This has traditionally been a problem for films like this, especially when they are marketed to a general audience. Case in point, 1997’s excellent Contact, which was a joy for the DEEP NERDS and a yawn fest for most everyone else. I distinctly remember watching a group of teenage boys in the theatre devolve into a terrified pack of apes during the long silent sequence at the beginning of that film. But this is Christopher Nolan we’re talking about here, a director with the uncanny knack of taking complicated, in-the-weeds plots and making them accessible to everyone. Think of the fragmented plot of Memento or the ever-deepening dream levels of Inception. The fact that Inception was a bona-fide, tent-pole style, money making hit is still one of the great miracles of modern cinema. So if anyone can take the big themes of time, space and consciousness in Interstellar and make them entertaining to that douchebag with ear gauges who’s vaping during the movie, it’s gonna be Mr. Nolan. He does this by refusing to leave any viewer behind. Yes the material is complex, but like the best teachers, Nolan finds ways to engage the slower students in the class without boring the gifted kids. It’s a wonderful super power but, in Interstellar, I think those powers may have finally turned against him.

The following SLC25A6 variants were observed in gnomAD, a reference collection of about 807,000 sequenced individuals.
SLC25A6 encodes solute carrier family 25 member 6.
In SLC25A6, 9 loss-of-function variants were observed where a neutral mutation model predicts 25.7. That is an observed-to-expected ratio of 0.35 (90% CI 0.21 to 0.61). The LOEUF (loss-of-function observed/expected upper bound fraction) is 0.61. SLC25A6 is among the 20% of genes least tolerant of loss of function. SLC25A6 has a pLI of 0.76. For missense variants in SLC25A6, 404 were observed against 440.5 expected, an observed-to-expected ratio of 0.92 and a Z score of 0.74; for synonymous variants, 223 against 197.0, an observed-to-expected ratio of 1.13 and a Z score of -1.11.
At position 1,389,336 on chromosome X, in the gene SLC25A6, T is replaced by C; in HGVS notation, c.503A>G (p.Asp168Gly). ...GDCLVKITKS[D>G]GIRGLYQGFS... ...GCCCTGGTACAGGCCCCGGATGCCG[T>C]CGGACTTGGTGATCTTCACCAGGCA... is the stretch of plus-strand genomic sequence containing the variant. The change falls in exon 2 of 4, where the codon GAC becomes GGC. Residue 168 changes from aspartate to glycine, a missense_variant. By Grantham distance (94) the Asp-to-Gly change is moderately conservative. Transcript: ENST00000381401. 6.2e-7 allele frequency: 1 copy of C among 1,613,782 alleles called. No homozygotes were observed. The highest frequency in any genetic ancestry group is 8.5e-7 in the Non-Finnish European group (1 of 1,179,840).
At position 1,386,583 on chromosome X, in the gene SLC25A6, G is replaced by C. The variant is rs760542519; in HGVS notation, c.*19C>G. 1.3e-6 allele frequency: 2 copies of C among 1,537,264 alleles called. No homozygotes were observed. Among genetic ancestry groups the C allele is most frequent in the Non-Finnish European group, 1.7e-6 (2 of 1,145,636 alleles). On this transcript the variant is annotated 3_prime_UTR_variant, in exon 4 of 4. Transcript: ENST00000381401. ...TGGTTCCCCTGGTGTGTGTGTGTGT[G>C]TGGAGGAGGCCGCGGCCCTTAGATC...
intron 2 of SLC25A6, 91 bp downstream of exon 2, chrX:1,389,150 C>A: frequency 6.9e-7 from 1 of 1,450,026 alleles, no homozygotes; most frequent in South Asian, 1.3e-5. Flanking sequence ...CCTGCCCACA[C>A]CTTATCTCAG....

Look, the real science of interstellar travel is hard. Like, really hard. Like, MIT hard. And when you do away with warp drives and hyperspace and start getting into the nitty gritty of singularities, gravity, time dilation and multiple dimensions you’re gonna lose a few folks at the edges. Stanley Kubrik knew that with 2001: A Space Oddysey and he was fine with it. It allowed him to take Dave (and us) into some pretty crazy, confusing and mind-expanding places. Nolan refuses to do the same. Even in Interstellar’s super weird conclusion, you can feel his restraint. His desire to make sure everyone “gets it”. And as a consequence, what could have been a transcendent and surprising meditation about our place in the universe becomes something less; neither brainy enough for the real devotees of science fiction, nor accessible enough for the dilettantes. And it is this problem that makes Interstellar a good movie, but maybe not a great one.


Should you see Interstellar? Yes, of course you should. The performances of supporting players like John Lithgow, Jessica Chastain and Casey Affleck are excellent. And though we are all suffering from a little McConaughey exhaustion and his oft-parodied delivery does kind of make you giggle, he is probably the only A-list, box office dude who could have pulled this movie off. And, of course, the film is visually arresting with beautifully realized cosmic wonders and alien worlds that seem disquietingly like our own, save for their menacing dangers. If you have an IMAX theatre near you, I’d recommend dropping the extra cheddar to see this one on the BIG big screen. That’s exactly what I’ll be doing when I see Interstellar again. And I will definitely be seeing it again. Why? Because, as flawed as I think this film might be, there is a part of me that believes that there might be more beyond the event horizon of Interstellar than a single viewing can reveal.